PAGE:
• The proportion of probands with FH who have a de novo pathogenic variant is unknown but appears to be very low.
  • Recommendations for the parents of the proband include the following:
  • If the proband has a known pathogenic variant that is not identified in either parent and parental identity testing has confirmed biological maternity and paternity, the following possibilities should be considered:
  • Although most individuals diagnosed with FH have an affected parent, the family history may appear to be negative because of failure to recognize the disorder in family members, lack of knowledge regarding family member's cholesterol levels and heart disease history, or late onset of the disorder in the affected parent. If heterozygous family members have been on statins for many years, there may not be a prominent family history of premature CAD. Therefore, an apparently negative family history cannot be confirmed until appropriate evaluations have been performed.
  • The parents of an individual with biallelic pathogenic variants in APOB, LDLR, or PCSK9 are obligate heterozygotes and are thus presumed to have FH [Mabuchi et al 2014].

Sibs of a proband. The risk to the sibs of the proband depends on the genetic status of the proband's parents:

  • If one parent of the proband is affected and/or is known to have the pathogenic variant identified in the proband, the risk to the sibs of having FH is 50%.
  • If both parents of the proband are affected with FH and are known to have an FH-related pathogenic variant, there is a 50% risk that sibs will inherit one pathogenic variant and have FH, a 25% risk that sibs will inherit two pathogenic variants and have severe FH, and a 25% chance that sibs will inherit neither of the familial pathogenic variants.
    The severity of HoFH varies. HoFH caused by homozygous loss-of-function LDLR pathogenic variants is typically associated with the most severe presentation, followed by HoFH caused by compound heterozygous LDLR pathogenic variants [Cuchel et al 2014, Bertolini et al 2020].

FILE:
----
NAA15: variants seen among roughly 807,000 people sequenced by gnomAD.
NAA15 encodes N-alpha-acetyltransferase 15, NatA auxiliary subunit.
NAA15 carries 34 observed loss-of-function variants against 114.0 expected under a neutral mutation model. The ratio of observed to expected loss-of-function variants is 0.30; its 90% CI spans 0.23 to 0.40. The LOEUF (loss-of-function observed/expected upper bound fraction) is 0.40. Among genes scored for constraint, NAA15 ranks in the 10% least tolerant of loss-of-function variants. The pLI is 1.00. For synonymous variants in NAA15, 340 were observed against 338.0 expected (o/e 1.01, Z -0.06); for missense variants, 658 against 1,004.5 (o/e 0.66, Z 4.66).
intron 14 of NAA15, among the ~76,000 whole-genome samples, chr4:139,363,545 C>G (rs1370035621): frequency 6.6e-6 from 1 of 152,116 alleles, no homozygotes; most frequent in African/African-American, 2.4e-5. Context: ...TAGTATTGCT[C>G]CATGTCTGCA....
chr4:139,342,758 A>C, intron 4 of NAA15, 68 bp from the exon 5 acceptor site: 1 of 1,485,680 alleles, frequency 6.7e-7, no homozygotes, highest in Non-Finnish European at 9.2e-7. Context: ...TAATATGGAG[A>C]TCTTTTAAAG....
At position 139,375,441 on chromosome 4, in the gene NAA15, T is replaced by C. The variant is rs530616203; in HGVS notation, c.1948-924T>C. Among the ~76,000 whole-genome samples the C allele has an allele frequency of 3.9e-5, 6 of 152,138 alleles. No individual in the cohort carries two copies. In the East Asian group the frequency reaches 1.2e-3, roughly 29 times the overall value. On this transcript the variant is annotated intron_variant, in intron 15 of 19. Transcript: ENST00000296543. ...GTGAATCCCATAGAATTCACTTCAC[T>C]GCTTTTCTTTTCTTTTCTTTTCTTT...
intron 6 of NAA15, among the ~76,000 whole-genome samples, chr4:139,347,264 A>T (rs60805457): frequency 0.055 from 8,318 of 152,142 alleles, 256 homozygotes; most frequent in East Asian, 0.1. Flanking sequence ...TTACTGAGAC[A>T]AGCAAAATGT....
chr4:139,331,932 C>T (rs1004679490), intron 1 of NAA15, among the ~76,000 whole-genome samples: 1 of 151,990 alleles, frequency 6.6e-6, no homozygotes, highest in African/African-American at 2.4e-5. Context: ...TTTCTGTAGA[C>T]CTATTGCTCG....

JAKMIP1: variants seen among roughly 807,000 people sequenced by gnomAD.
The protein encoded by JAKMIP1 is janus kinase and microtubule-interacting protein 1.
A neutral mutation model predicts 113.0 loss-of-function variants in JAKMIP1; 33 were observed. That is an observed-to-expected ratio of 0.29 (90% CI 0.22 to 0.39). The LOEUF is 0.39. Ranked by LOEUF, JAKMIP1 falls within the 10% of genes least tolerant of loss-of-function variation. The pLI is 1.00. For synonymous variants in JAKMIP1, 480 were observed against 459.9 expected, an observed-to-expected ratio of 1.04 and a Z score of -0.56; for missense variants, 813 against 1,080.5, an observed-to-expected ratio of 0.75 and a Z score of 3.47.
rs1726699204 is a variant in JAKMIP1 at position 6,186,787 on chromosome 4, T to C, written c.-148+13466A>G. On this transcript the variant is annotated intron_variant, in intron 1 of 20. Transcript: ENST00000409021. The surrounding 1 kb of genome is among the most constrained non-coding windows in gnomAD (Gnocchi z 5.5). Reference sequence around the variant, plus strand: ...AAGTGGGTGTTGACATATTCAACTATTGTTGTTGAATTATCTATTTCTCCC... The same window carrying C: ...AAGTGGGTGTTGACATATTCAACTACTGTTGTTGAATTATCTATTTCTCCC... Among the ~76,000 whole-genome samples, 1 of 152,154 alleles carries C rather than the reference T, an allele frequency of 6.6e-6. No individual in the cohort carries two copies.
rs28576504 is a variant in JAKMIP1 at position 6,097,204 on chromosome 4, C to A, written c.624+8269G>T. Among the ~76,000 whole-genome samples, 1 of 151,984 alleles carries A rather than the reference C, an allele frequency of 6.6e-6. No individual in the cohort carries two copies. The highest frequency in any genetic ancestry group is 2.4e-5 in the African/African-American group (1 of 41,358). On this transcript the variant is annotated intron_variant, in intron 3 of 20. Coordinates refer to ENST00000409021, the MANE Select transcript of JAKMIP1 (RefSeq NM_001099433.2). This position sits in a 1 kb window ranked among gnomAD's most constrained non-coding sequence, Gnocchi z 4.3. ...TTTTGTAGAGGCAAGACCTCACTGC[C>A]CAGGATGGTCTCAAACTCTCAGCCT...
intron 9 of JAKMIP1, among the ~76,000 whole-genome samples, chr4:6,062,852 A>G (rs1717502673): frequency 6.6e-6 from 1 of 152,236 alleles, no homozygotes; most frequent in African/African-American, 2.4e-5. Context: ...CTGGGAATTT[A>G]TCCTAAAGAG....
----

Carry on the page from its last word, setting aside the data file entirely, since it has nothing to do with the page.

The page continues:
• If the proband has a known FH-related pathogenic variant that cannot be detected in the leukocyte DNA of either parent, the recurrence risk to sibs is estimated to be 1% because of the theoretic possibility of parental germline mosaicism [Rahbari et al 2016]. All sibs should undergo predictive genetic testing and cholesterol screening.
  • If the parents are clinically unaffected but their genetic status is unknown, sibs should still be considered at risk for FH because of the possibility of reduced penetrance in a heterozygous parent or the theoretic possibility of parental germline mosaicism. All sibs should undergo predictive genetic testing and cholesterol screening.

Offspring of a proband

  • Each child of an individual with FH caused by a heterozygous pathogenic variant in APOB, LDLR, or PCSK9 has a 50% chance of inheriting the pathogenic variant and having FH.
  • All children of an individual with HoFH (i.e., biallelic FH-related pathogenic variants) will inherit a pathogenic variant and have FH.
  • If the reproductive partner of a proband is heterozygous for an FH-related pathogenic variant in the same gene as the proband or a different FH-related gene, offspring are at risk of inheriting two pathogenic variants and having severe FH. Cholesterol screening – followed by genetic counseling and genetic testing if cholesterol levels and family history are concerning for FH – should be offered to the reproductive partner to assess this risk. (FH is more common in several populations [see Prevalence] as a result of founder variants.)

Other family members. The risk to other family members depends on the status of the proband's parents: if one or both parents have an FH-related pathogenic variant, sibs and parents of the proband's parents are at 50% risk of having a pathogenic variant and, thus, FH.

LDLRAP1-Related Autosomal Recessive FH – Risk to Family Members

Parents of a proband

Sibs of a proband

  • If both parents are known to be heterozygous for an LDLRAP1 pathogenic variant, each sib of an affected individual has at conception a 25% chance of being affected, a 50% chance of being a carrier, and a 25% chance of inheriting neither of the familial pathogenic variants.
  • Individuals who are heterozygous for an LDLRAP1 pathogenic variant (i.e., carriers) are typically asymptomatic.

Offspring of a proband